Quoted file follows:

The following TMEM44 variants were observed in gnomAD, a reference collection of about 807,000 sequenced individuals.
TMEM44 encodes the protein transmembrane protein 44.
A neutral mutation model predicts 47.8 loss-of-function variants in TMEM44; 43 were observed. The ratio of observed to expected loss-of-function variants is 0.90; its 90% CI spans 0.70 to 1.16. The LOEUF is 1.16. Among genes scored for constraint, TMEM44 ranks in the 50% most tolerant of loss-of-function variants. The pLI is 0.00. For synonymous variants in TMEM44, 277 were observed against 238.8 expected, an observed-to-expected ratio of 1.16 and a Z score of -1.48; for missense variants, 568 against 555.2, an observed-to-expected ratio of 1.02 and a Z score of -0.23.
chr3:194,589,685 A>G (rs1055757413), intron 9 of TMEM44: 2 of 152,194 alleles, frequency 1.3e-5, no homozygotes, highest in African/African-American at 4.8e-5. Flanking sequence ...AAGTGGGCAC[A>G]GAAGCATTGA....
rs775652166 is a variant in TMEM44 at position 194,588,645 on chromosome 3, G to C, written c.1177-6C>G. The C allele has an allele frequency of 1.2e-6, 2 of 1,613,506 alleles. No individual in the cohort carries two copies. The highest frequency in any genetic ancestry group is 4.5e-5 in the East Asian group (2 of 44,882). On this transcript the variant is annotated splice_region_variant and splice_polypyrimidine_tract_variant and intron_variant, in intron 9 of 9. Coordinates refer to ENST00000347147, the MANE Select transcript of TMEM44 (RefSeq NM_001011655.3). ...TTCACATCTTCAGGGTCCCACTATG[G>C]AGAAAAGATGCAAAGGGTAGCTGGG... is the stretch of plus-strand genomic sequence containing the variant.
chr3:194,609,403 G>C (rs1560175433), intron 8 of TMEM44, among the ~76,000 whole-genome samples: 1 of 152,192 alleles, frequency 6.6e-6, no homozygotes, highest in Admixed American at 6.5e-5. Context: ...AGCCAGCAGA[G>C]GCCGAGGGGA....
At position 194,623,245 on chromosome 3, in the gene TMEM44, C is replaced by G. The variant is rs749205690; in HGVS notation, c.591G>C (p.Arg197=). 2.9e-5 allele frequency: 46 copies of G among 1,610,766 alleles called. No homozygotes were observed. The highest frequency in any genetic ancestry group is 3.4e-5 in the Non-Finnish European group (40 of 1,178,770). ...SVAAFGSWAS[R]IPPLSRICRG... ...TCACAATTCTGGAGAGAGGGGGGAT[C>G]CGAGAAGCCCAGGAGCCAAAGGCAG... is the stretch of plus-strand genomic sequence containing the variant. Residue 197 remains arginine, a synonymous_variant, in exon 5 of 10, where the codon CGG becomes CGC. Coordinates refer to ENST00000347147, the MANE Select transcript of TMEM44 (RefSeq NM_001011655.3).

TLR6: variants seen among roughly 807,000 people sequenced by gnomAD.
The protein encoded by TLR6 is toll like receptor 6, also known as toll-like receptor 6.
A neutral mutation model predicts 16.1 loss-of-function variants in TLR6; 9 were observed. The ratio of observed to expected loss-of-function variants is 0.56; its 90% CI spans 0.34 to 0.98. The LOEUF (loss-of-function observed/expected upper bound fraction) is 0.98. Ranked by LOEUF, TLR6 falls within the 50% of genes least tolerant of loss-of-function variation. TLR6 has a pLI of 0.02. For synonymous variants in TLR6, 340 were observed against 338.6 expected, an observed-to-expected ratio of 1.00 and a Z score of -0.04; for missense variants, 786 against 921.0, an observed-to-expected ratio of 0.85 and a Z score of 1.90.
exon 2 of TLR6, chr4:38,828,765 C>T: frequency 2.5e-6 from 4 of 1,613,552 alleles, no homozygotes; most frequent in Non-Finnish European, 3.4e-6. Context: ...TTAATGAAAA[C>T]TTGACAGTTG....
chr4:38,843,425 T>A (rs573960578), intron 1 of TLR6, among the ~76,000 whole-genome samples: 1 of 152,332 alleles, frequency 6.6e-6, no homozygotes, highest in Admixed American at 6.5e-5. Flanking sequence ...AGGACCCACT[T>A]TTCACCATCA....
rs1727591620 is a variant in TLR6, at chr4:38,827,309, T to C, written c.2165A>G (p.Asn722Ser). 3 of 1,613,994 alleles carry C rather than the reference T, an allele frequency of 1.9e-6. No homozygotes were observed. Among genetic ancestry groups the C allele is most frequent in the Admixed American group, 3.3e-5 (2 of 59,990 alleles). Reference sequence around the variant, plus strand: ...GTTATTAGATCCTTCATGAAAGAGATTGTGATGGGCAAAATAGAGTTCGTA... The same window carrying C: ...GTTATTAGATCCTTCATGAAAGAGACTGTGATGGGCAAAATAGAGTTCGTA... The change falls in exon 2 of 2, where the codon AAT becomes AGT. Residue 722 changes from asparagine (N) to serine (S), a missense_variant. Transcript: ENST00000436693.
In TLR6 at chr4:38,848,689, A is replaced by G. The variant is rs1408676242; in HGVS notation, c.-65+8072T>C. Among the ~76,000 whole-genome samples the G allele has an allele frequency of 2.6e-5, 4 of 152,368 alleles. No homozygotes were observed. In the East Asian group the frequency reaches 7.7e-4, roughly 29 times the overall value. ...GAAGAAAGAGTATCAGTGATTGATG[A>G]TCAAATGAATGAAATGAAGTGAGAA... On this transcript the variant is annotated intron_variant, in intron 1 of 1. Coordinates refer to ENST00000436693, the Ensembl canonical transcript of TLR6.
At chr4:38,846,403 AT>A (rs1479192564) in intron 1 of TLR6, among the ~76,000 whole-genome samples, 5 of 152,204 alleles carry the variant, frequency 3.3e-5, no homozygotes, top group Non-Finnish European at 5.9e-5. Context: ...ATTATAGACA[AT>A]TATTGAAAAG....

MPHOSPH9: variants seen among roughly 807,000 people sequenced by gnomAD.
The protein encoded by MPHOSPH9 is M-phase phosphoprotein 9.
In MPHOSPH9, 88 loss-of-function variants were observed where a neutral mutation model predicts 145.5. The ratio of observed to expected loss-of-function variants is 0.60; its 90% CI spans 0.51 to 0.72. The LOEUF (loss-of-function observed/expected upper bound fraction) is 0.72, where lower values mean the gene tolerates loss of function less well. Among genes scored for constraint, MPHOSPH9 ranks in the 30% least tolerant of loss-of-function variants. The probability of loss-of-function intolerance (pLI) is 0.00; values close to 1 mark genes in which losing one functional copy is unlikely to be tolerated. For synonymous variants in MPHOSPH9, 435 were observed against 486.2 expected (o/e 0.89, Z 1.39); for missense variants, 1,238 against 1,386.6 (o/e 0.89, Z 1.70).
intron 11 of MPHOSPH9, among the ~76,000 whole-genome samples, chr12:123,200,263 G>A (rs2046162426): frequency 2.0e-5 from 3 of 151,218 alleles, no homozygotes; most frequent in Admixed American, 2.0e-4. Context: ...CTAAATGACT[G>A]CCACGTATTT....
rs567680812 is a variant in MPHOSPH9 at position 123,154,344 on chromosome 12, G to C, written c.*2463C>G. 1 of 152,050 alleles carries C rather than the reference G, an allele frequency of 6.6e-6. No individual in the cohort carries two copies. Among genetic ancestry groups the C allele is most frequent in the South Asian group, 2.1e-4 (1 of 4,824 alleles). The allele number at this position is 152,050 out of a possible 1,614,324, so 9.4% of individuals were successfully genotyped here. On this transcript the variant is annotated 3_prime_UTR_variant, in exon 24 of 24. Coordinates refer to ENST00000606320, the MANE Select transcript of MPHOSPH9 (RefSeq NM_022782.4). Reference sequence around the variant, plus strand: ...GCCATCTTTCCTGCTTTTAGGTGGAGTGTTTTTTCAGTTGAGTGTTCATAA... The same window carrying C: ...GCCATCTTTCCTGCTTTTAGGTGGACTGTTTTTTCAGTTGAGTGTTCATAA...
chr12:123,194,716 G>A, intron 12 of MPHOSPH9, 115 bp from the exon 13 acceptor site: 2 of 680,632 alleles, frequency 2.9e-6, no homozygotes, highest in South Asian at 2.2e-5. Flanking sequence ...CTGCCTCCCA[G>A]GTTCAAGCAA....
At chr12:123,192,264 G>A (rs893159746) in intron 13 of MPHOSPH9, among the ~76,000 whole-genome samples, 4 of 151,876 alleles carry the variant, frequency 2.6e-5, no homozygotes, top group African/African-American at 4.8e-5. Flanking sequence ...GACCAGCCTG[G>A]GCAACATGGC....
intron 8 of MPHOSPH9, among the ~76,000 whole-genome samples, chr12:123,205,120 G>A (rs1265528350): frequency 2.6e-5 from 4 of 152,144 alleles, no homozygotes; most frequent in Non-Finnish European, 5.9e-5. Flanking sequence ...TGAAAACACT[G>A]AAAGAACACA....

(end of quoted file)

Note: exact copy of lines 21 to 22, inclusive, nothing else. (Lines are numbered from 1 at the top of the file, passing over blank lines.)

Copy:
chr12:123,194,716 G>A, intron 12 of MPHOSPH9, 115 bp from the exon 13 acceptor site: 2 of 680,632 alleles, frequency 2.9e-6, no homozygotes, highest in South Asian at 2.2e-5. Flanking sequence ...CTGCCTCCCA[G>A]GTTCAAGCAA....
At chr12:123,192,264 G>A (rs893159746) in intron 13 of MPHOSPH9, among the ~76,000 whole-genome samples, 4 of 151,876 alleles carry the variant, frequency 2.6e-5, no homozygotes, top group African/African-American at 4.8e-5. Flanking sequence ...GACCAGCCTG[G>A]GCAACATGGC....